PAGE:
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  1. #401
    Minister of Propagandhi ajblaise's Avatar
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    Quote Originally Posted by Usehername View Post
    I completely disagree.

    Isn't it disconcerting to think of a world where people didn't assertively stand up for their biggest value? The pro-life stance centers around the belief that abortion is an act that kills a person.

    What a pathetic world it would be if those in the minority quieted down and didn't stand up for their beliefs.
    If it makes someone feel good, I suppose that has some value in and of itself. But it's not pragmatic. If the goal is to lessen the number of fetuses being aborted, it would make more sense to use that energy promoting the use of contraception. Or abstinence, but that doesn't work as well.

    Quote Originally Posted by Usehername View Post
    The pro-life stance centers around the belief that abortion is an act that kills a person.
    I really question just how many people consider abortion to be the moral equivalent of killing an actual grown person.

    If that many people really thought mass murder was occurring, they'd be busting down the doors of abortion clinics. A fair number would be taking up arms; anything to stop something worse than the Holocaust.

  2. #402
    Sniffles
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    Quote Originally Posted by Rajah View Post
    God, your argument is ridiculous. Usehername nailed it; I don't have much else to say except, God, your argument is ridiculous.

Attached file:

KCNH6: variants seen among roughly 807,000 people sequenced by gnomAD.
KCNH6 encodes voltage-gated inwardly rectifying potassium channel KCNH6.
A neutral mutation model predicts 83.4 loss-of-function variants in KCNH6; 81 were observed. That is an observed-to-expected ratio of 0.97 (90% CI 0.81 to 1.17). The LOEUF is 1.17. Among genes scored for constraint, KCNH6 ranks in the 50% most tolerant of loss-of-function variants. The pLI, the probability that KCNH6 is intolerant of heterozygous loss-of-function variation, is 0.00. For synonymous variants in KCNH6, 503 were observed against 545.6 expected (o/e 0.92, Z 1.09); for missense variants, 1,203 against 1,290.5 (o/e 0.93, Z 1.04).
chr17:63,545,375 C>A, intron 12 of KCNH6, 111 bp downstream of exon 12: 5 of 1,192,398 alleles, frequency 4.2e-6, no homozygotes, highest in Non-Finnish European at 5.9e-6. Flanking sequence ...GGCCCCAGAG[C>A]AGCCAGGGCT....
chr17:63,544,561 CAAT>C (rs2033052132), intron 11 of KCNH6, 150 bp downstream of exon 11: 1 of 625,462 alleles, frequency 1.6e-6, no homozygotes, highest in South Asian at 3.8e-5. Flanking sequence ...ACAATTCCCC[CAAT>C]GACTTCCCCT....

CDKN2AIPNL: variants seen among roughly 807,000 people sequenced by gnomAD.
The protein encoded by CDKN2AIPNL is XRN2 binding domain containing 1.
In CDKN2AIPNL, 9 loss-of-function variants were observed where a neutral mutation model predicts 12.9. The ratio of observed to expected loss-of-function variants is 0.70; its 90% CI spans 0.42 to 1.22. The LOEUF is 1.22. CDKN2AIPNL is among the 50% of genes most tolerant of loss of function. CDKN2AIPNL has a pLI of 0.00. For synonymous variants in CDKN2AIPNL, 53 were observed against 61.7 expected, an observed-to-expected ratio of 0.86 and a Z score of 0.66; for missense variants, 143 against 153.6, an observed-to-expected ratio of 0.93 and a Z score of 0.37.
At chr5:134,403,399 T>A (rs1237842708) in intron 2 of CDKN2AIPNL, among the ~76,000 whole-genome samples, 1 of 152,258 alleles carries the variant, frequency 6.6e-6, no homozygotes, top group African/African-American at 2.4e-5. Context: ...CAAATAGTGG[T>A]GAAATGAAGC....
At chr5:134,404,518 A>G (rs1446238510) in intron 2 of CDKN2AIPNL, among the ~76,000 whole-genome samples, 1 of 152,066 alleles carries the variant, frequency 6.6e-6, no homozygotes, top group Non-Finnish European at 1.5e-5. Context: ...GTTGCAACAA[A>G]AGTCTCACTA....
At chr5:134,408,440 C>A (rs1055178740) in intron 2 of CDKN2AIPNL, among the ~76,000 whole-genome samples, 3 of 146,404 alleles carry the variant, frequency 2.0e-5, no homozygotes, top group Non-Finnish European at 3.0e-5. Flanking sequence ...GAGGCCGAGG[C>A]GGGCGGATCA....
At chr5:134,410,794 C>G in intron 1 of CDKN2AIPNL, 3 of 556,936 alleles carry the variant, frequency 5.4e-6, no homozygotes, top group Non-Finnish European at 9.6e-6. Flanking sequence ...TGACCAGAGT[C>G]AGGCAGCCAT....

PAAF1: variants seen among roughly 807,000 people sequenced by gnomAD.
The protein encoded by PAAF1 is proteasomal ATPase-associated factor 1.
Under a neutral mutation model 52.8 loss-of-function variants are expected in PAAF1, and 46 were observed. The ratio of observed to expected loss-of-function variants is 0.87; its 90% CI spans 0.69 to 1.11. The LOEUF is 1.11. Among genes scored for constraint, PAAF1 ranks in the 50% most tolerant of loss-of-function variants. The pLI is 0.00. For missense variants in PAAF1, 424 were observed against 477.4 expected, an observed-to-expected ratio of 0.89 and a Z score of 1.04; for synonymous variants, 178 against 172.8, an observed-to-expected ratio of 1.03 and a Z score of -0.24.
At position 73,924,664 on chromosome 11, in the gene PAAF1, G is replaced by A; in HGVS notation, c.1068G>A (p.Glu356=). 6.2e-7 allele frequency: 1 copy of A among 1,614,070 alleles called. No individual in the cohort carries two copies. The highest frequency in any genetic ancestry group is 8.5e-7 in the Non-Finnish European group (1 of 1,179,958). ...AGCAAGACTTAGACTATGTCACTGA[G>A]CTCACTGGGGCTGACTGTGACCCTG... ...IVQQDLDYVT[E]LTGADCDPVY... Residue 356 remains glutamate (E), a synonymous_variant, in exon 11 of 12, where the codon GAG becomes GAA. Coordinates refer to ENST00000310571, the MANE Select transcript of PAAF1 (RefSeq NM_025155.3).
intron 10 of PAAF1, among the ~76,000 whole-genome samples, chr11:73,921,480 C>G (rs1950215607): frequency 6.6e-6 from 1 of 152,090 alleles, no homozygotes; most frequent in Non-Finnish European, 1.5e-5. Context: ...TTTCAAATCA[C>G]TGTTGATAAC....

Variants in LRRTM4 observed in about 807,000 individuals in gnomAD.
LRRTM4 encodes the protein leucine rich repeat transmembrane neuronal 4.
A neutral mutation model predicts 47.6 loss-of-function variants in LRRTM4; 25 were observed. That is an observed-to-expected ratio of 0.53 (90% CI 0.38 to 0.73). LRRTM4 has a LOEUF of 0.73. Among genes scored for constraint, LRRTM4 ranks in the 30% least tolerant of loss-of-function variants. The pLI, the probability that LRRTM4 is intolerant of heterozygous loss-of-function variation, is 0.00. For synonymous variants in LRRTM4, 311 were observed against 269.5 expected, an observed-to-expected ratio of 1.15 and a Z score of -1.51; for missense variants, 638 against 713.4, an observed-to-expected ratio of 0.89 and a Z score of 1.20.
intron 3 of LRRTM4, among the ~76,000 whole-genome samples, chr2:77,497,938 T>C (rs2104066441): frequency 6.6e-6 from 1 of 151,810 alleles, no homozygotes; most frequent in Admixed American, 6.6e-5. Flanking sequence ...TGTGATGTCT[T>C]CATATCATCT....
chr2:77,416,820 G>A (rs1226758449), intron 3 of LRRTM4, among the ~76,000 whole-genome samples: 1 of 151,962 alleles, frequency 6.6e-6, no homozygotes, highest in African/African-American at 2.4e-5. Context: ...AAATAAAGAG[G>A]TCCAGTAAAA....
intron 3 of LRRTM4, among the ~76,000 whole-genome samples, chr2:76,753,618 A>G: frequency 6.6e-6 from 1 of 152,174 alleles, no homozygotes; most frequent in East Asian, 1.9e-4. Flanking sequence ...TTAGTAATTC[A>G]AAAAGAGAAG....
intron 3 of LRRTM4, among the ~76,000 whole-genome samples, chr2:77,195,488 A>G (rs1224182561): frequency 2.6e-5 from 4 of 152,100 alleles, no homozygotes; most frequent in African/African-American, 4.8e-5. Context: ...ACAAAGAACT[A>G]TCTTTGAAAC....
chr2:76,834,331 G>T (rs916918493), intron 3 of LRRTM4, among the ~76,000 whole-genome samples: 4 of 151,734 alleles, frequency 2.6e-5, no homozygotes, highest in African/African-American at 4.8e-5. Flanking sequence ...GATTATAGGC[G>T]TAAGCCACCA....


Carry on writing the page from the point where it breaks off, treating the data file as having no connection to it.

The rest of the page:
Simply saying so doesn't make it so. Besides I did concede that when considering parallels in limited circumstances, an analogy can be made, but it's still a poor and unwise one to make.

    For one thing, the Supreme Court's decisions are not infallible by nature(for there is no legal parallel to dogma) nor are they technically the "final arbitrator" which would violate the principle of checks and balances. The Constitution is subject to ammendment, and when that happens the Supreme Court has to abide by it. Only in a de facto sense can you claim the Supreme Court as the final arbitrator.

  3. #403
    AKA Nunki Polaris's Avatar
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    The main purpose of the law, as I see it, is to protect each individual's personal freedom--in other words, to ensure that every person has the opportunity to pursue his happiness where that pursuit does not impinge on another's opportunity to do the same.

    I don't believe a fetus has a desire to survive; in order to have a concept of survival, you need foresight, and that requires a good deal of life experience. So if we assume that an abortion is painless, the only wish that gets violated here is the wish of someone who opposes abortion. That isn't a violation of that person's rights, however; they're still perfectly free to pursue their own happiness. Anti-abortion laws, on the other hand, restrict the rights of the mother while they protect no one else's.